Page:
Over today’s #F8 conference hailing the “new age” of social networking via timelines, open graph and a new class of applications. The constant squawking for power in the social realm’s starting to riff even the savviest of users.

PR 20/20 Todd Sheppard social media Cleveland tweetup chomps mascot

Courtesy of Alana Munro, Cleveland.com

Promising myself I’d resist the urge to be that guy, myself and another member from last month’s Cleveland.com Twitter20 devised a social experiment prior to the event: where the words Facebook and timeline were officially taboo.

It was actually easier than I thought it’d be. Maybe because the novelty of newest, biggest, fastest and better’s older than the Ed Sullivan Show.

But still not as annoying as all the whining and complacency surrounding what people should be used to by now: life goes on.

Tech will always be moving forward. So in the time that it takes to jump on the haterade bandwagon, maybe do us a favor, can it and do something. Take control of your social experience.

Facebook social network users social media

Mildy apparently the new “Mildly”

Who knows, Google+ could announce it bought everyone out tomorrow and that’ll be the end of it.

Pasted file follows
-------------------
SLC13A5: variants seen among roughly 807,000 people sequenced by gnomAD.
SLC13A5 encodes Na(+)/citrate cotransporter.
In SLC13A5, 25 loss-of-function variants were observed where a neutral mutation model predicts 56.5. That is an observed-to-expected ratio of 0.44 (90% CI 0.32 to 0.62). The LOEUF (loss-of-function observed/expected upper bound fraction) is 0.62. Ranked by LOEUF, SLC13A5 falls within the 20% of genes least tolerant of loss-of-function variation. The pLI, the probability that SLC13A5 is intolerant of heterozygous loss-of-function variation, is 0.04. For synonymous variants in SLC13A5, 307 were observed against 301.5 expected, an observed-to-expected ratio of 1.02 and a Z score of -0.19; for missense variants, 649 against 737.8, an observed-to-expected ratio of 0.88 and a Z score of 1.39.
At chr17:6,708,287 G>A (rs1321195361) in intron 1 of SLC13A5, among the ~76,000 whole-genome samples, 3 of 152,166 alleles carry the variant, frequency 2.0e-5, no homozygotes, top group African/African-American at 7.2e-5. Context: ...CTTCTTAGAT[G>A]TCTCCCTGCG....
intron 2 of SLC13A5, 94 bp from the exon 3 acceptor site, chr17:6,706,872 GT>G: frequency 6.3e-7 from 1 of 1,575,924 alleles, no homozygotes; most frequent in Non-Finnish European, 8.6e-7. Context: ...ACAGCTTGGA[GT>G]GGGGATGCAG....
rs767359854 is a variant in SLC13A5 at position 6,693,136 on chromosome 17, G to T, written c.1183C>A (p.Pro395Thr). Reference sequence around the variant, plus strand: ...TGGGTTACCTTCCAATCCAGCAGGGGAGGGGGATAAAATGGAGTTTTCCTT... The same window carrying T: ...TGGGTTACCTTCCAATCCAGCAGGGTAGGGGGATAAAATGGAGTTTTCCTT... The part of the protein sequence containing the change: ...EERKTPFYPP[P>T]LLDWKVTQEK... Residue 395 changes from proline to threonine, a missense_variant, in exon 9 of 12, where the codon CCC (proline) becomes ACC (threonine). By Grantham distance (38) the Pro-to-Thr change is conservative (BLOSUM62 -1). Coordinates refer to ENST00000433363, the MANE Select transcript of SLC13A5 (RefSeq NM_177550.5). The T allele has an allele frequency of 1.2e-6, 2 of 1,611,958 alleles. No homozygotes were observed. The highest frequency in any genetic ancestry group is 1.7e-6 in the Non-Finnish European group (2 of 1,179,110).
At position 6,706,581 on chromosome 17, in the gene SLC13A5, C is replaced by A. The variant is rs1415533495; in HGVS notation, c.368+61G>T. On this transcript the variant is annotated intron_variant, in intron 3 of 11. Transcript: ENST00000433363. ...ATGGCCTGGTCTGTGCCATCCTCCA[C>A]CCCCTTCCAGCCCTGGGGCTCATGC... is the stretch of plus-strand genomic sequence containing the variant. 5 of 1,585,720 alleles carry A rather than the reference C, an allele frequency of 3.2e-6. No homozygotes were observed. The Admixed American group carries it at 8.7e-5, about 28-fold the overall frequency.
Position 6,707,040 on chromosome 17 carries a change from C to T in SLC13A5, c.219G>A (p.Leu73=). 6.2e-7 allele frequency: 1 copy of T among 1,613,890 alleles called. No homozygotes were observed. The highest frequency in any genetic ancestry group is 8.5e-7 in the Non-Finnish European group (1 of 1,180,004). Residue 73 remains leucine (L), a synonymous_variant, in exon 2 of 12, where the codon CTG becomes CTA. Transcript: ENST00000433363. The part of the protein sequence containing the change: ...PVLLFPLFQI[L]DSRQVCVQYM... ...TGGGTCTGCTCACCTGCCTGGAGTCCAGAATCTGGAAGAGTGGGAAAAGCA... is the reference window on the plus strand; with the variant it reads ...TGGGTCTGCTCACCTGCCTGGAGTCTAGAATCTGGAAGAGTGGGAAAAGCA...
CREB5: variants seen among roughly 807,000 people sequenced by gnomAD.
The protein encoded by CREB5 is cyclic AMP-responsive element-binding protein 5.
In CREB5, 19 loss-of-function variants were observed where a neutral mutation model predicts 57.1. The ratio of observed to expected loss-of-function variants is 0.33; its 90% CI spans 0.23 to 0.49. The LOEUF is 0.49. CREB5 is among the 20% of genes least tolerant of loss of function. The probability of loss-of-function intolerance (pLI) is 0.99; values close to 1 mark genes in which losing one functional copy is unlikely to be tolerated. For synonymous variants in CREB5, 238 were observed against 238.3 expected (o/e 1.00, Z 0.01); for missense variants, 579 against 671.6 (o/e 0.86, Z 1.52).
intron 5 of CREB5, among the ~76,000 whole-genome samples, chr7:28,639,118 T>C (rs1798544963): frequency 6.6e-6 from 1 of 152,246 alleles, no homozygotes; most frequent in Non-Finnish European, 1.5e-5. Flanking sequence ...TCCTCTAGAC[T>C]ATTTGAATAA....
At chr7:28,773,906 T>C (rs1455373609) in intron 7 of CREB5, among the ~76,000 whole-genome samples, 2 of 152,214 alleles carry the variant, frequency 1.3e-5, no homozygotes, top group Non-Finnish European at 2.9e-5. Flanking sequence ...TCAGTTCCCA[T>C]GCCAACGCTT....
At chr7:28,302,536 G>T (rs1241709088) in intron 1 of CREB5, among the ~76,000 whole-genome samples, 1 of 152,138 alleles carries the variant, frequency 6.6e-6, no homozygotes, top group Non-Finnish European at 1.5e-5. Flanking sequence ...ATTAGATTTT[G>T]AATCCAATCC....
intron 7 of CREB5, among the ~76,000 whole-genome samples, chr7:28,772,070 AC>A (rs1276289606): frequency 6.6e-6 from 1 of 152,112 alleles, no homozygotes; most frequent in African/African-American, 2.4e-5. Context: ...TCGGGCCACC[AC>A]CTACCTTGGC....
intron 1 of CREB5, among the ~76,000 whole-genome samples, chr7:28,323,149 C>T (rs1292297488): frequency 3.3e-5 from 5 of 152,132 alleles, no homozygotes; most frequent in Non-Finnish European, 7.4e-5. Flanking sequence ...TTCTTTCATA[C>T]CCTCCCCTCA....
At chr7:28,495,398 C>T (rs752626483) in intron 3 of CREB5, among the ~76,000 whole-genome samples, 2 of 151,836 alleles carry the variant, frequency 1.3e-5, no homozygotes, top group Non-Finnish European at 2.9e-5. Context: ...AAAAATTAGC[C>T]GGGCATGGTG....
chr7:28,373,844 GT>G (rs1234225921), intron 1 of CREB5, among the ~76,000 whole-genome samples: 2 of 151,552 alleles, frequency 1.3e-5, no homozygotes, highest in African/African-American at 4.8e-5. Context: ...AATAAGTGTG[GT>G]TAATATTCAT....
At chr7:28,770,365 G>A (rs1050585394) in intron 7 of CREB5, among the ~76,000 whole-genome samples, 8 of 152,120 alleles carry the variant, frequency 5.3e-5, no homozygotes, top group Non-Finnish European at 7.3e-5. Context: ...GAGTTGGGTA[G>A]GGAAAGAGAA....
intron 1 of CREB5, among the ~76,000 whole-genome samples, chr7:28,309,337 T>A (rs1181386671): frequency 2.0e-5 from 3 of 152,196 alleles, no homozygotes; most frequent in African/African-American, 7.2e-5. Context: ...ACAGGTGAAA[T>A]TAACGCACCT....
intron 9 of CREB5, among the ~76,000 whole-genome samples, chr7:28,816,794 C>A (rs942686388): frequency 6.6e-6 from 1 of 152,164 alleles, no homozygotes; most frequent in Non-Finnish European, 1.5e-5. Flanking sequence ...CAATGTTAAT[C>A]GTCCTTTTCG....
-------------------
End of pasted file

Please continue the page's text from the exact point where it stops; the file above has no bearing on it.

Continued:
At the heart of it, though, dogpound debonairs are not unusual: We just genuinely like people. Get a rush out of making new connections, meeting and commiserating over some pretty badass people, like Gini Dietrich and Chris Brogan.

Still stand on the shoulders of giants.

Because at the end of the day, all the tools, apps and open-graph sharing cannot replace the power of genuine, human experience. In-person. In real-time. Always looking upward and outward.

About working on your business, not in it as Gini says.

Other than scoring a free pair of tickets to the Browns/Titans October 2nd (props to all the winners, you get a star next to your name below) —

That’s something to really get pumped about.

Browns Tweetup Cleveland social media Cleveland.com Byron Fernandez

Courtesy of Cleveland.com

Chomps Cleveland Browns mascot tweetup Cadillac Ranch

Chomps riding the Bull

Dawgs in Attendance:

Alana Munro @dawgpndgirl

*Me @byron_fernandez

Jennifer Spiker @SportStoleMyMan

Jessica Donlon @jessicadonlon

Julie Provins @julieprovins

*Kasey Crabtree @kaseycrabtree

*Laurel Miltner @laurelmackenzie

Lukas Treu @ltreu

*Paul Roetzer @paulroetzer

Stephen Garvin @CleveNole

Todd Sheppard @taawd

Tracy DiMarino @tracydimarino

RELATED LINKS

Julien Smith >> Information is Not the Problem

Gini Dietrich >> Four Ways to Unplug and Focus

How to Lose Credibility in Less than 10 Seconds: Netiquette 101 

Contact Byron

What’s Happened to PR? No More Unicorns and Rainbows

This post will likely anger a few people, and for that I am prepared. After all, this is a community I am devoted to, regardless of whether or not I agree with the practices I’ve been seeing lately.

But rather than continue with a laundry list of grievances myself and presumably countless other prospective job candidates, partners and customers have experienced or observed in traditional PR and marketing, I’ll just keep it short and sweet:

What’s happened to PR?

To speak quite plainly, it sucks.